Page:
Thank you Dial Books for providing a copy of this book in exchange for an honest review.

Real Friends by Shannon Hale and LeUyen Pham

Roller Girl by Victoria Jamieson

Other books in the series:

Have you read Shirley and Jamila’s Big Fall? What did you think of it?

Review: Geis II: A Game Without Rules

Title: Geis II: A Game Without Rules
Author: Alexis Deacon
Genre: Graphic Novel, Fantasy
Publisher: Nobrow Press
Source: Publisher
Format: Hardcover
Release Date: December 12, 2017
Rating: ★★★★


Goodreads Synopsis:

The second volume of Geis picks up right where the first graphic novel concluded: with the contenders divided against their will and thrown deeper into the mysterious game. Can the alliances of power be relied upon when so many rewards lay upon the line?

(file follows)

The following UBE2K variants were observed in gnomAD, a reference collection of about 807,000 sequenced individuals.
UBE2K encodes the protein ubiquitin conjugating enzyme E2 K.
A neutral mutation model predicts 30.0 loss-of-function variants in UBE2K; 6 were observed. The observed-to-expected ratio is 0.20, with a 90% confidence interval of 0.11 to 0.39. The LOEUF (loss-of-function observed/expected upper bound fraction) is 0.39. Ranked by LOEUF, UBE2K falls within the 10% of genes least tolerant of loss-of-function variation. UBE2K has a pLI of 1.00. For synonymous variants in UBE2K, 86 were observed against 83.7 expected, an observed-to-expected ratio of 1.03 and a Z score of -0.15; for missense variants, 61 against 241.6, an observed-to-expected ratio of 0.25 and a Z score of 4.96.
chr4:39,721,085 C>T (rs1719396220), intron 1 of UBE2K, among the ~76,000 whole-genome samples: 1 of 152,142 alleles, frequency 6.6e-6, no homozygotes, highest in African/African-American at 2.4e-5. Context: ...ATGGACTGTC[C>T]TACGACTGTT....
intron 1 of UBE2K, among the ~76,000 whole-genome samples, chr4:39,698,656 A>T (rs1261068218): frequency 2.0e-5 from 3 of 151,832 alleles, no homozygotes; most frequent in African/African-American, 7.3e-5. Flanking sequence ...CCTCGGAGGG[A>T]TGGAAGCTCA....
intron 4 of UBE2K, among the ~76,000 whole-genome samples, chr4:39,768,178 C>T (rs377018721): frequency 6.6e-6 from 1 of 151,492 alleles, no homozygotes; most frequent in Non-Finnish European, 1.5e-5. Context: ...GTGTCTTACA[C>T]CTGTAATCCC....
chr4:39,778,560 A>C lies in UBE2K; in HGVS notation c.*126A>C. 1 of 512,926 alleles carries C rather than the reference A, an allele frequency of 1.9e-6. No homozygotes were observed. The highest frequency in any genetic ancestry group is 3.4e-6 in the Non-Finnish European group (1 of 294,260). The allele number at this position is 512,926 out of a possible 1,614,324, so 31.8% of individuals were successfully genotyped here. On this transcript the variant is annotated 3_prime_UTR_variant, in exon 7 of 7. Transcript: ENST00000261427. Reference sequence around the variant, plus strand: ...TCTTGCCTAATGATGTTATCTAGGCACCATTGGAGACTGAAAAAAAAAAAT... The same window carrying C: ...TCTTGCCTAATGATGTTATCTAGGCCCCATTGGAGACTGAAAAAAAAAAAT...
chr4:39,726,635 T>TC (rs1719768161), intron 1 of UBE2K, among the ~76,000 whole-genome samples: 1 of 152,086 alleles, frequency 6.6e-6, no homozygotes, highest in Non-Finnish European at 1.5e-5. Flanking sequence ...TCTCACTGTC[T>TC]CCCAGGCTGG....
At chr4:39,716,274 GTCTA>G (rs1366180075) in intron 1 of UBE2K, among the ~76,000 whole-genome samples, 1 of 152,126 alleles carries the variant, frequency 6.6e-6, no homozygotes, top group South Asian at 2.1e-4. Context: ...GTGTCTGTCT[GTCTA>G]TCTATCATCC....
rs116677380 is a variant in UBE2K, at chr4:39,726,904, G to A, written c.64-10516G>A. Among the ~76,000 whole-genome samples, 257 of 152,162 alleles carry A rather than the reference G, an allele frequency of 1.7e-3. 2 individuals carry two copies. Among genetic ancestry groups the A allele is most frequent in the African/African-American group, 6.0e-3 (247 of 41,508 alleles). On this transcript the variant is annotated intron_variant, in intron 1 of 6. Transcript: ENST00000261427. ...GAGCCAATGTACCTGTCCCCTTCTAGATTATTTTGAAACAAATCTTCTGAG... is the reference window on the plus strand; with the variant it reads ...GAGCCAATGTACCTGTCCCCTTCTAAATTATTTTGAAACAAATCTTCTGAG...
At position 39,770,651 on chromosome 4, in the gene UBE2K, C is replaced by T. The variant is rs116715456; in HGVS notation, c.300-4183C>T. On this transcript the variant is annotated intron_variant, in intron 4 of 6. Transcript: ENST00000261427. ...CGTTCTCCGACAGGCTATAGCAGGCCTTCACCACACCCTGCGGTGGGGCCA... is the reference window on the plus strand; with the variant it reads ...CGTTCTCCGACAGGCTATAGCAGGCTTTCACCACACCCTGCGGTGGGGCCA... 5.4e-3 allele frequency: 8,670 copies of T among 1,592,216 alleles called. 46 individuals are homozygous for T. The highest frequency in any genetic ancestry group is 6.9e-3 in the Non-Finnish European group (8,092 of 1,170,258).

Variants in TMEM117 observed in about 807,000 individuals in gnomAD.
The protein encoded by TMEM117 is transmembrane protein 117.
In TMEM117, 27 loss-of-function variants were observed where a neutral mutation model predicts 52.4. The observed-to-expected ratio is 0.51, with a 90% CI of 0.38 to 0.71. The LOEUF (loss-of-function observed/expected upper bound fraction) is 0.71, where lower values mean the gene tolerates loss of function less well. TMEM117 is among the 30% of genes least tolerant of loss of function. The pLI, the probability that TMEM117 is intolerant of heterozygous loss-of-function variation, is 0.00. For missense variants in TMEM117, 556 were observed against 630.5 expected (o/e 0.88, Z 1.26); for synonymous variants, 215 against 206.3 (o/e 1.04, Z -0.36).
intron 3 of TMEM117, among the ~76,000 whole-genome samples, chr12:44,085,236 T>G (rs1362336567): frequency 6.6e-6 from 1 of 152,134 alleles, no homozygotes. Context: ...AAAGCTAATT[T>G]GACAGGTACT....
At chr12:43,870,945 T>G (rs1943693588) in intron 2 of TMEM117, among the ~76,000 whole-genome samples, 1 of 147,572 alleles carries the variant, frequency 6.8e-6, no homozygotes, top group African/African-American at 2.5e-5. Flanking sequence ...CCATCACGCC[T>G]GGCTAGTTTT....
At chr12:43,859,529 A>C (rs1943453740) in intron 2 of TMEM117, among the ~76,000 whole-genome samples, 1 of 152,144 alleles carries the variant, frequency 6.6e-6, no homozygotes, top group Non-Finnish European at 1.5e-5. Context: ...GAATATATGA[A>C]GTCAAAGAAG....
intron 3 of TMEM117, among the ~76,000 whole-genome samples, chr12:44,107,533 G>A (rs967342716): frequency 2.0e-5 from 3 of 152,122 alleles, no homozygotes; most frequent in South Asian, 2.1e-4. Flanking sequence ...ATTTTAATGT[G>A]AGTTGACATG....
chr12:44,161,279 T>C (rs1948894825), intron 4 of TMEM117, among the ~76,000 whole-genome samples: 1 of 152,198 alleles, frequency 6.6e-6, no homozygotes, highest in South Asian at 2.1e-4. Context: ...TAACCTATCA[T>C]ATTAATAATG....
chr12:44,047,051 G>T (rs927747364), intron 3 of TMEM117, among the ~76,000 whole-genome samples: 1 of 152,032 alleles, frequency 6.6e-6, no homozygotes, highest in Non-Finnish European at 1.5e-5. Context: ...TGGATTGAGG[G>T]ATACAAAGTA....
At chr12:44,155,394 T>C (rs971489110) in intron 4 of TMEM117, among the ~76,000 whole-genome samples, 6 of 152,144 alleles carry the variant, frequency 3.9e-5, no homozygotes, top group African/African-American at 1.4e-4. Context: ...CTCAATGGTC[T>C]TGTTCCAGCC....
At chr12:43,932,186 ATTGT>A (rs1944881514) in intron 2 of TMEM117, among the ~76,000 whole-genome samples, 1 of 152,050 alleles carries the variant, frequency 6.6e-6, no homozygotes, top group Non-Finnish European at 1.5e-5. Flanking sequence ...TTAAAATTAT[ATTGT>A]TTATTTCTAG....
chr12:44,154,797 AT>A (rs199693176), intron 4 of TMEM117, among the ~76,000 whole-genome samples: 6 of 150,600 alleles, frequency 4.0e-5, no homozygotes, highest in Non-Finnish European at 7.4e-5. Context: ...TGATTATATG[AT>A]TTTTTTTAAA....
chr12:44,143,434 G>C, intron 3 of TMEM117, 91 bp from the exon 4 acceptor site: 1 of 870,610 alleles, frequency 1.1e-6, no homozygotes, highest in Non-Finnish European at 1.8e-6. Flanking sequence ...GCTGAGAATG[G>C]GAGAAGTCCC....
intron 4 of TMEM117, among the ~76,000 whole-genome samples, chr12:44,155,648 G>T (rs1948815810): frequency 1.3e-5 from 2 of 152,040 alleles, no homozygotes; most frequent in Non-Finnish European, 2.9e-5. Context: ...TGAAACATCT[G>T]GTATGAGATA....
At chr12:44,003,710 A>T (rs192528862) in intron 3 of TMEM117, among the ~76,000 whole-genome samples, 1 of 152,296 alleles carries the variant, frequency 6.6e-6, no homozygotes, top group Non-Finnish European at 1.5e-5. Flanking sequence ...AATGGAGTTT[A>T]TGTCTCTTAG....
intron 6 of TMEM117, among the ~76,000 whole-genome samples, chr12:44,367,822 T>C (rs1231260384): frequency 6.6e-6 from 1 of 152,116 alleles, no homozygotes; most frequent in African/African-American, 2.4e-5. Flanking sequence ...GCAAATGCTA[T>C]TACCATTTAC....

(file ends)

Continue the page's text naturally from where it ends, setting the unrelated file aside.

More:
Deacons’ stunning illustrations carry forward the compelling and critically acclaimed narrative as the trilogy reaches its midpoint.


The competition continues in this second book in the Geis series. Everyone in the kingdom is competing to become the leader. However, only a couple of people know that they will fight to the death. Anyone who doesn’t win the competition will be killed. In this story, everyone is divided into two teams, either black or white. Alliances are broken as the stakes keep getting higher.

This is a fast paced and action packed story. There was more tension in this story because the stakes of the competition were raised. The fact that only some of the characters know that the competitors are destined to be killed also increased the tension.